Sardar Sujan Singh also had a role in bringing electricity to Sri Darbar Sahib, Amritsar, in 1897. This further enhanced his prominence as a notable businessman in Rawalpindi.
Sujab Sngh was also known for his refined taste and love of art and literature. Haveli Sujan Singh was often referred to as a living museum. The haveli boasted an extensive collection of contemporary art and items imported from England, reflecting Sujan Singh’s appreciation for beauty.
Today, the faded grandeur of Haveli Sujan Singh’s architecture is evident in its iron railings and pillars imported from Glasgow, featuring unique floral patterns that bore testimony to the significant financial investment in the construction of the haveli. Many rooms in the haveli still retain intricate wooden ceilings.
The use of bricks in Haveli Sujan Singh differs from that in the Mohan Singh haveli. This is regarded as evidence that the latter was built before the former. Additionally, the giant peepal tree that has grown along the wall of Mohan Singh’s haveli holds independent significance.
The intricate design on the doors of Haveli Sujan Singh contains numerous motifs. However, many of those have been defaced.
The door has remained intact because the neighbours have been protecting the haveli. Only two metal sculptures of female busts now remain at the haveli. The jharokha windows no longer allow passage of air. Photography of the haveli was once quite a challenge. Locals were suspicious and would ask if the photographer had filed a lawsuit to claim ownership of the property.
Opposite Haveli Sujan Singh stands Haveli Mohan Singh, believed to have been constructed in the 1830s. It is the only surviving monument in Rawalpindi’s downtown built with Nanak Shahi bricks. Situated near the 17th-Century shrine of Shah Chan Chiragh, the haveli is associated with a piece of history. Once, a heavy iron lattice bearing the name of Sardar Sujan Singh and the date, 1893, adorned the courtyard. During the fighting over possession, the lattice was removed and sold as scrap in the early 1990s.
Since the 2005 earthquake, the haveli has been declared a hazardous building, leaving the dispute about its ownership in limbo. Neither the residents nor the government have moved to make the necessary repairs. It once served as a place of residence for Kashmiri refugees. A dispute arose when attempts were made to repurpose the second floor as an imambargah. Neighbours say in 1981 the Kashmiri families living in the haveli were forcibly evicted on account of their political activism.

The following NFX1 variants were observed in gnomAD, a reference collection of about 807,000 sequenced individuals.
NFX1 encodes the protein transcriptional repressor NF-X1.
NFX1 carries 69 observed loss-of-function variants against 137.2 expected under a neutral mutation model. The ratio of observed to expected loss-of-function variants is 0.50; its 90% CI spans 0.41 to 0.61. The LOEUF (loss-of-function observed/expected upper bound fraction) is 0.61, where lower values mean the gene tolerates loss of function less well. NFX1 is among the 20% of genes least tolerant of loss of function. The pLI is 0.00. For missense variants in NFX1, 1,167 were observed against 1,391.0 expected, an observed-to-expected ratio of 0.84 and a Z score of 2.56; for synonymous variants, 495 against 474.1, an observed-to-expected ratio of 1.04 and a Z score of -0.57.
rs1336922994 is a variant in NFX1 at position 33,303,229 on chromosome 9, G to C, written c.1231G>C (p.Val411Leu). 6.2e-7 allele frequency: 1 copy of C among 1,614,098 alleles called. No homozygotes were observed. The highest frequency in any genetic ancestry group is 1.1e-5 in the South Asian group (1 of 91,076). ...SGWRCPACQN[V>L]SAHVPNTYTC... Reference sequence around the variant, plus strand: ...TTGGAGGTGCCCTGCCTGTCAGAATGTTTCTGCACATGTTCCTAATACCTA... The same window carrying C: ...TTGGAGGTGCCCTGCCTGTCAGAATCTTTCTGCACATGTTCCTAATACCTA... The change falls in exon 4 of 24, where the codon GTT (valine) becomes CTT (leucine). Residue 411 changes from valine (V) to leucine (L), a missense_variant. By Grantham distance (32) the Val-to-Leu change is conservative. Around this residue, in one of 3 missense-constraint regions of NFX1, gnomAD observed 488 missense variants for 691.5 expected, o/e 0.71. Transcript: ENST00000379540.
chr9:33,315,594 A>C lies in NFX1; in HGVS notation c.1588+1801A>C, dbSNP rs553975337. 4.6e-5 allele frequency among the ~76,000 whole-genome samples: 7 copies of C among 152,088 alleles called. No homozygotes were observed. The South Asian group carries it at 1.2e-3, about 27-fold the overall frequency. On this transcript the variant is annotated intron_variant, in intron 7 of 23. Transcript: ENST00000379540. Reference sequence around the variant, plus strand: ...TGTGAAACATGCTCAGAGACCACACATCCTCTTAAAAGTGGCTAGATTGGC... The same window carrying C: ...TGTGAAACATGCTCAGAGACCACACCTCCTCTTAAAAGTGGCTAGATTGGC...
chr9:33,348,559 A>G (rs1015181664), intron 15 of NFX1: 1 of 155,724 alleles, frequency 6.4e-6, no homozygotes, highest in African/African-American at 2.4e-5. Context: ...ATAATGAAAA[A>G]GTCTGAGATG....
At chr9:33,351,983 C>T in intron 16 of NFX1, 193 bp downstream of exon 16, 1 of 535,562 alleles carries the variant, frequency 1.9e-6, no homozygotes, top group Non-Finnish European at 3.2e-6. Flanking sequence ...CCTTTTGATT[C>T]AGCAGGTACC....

Approaches to rehabilitating and renovating Haveli Sujan Singh have been politically influenced. This has also been a hurdle to knowledge production on the haveli, with some NGO reports and informational writings on Haveli Sujan Singh being labelled as ‘research papers.’
Over time, several proposals have been put forth for the haveli’s use. These have ranged from housing a technical education institute, a religious place and the art department of a university.
The haveli has also been viewed as a means for local politicians in Rawalpindi to bolster their influence.
The haveli can be repurposed, like some other colonial-era architectures and havelis in Lahore’s Walled City, as a community space for art and creativity. Such havelis hold within them the social, political and cultural history of the cities they belong to. However, reviving this haveli to its former glory poses several challenges, particularly due to its location in a narrow passage that makes commuting difficult. The haveli remains locked, but a few years ago, it was handed over to an art college.
The only available photograph of the haveli from the British period is of unknown date. It is captioned as “Top view of Sirdar Sujan Singh’s Palace & Garden, Rawal Pindi City.” Oral accounts suggest that the haveli once had an extensive garden area stretching from Bhabra Bazaar to the adjacent residential area. Stories about a tunnel from the haveli leading to Bagh Sardaran are intriguing but no such tunnels have been discovered. It is worth noting that tales of tunnels in colonial-era havelis are common in India and Pakistan.
Adjacent to the garden of Mohan Singh’s haveli there is a well that remains the sole source of water for the locals.
The concept of place attachment has its roots in preserving built heritage, highlighting philosophical and methodological diversity. However, despite its significance and potential, the haveli is not perceived as a valued construct.
In his book Rawal Dais, Aziz Malik writes about the heart-breaking fate of Haveli Sujan Singh’s extensive library, which was used as fuel for cooking food by the refugees in 1947. It took several weeks to consume all the books.
The writer is a historian, travel writer and translator. He has extensively written onnon-Muslim history and Pakistan’s heritage in different capacities, now turning it into the shape of history writing.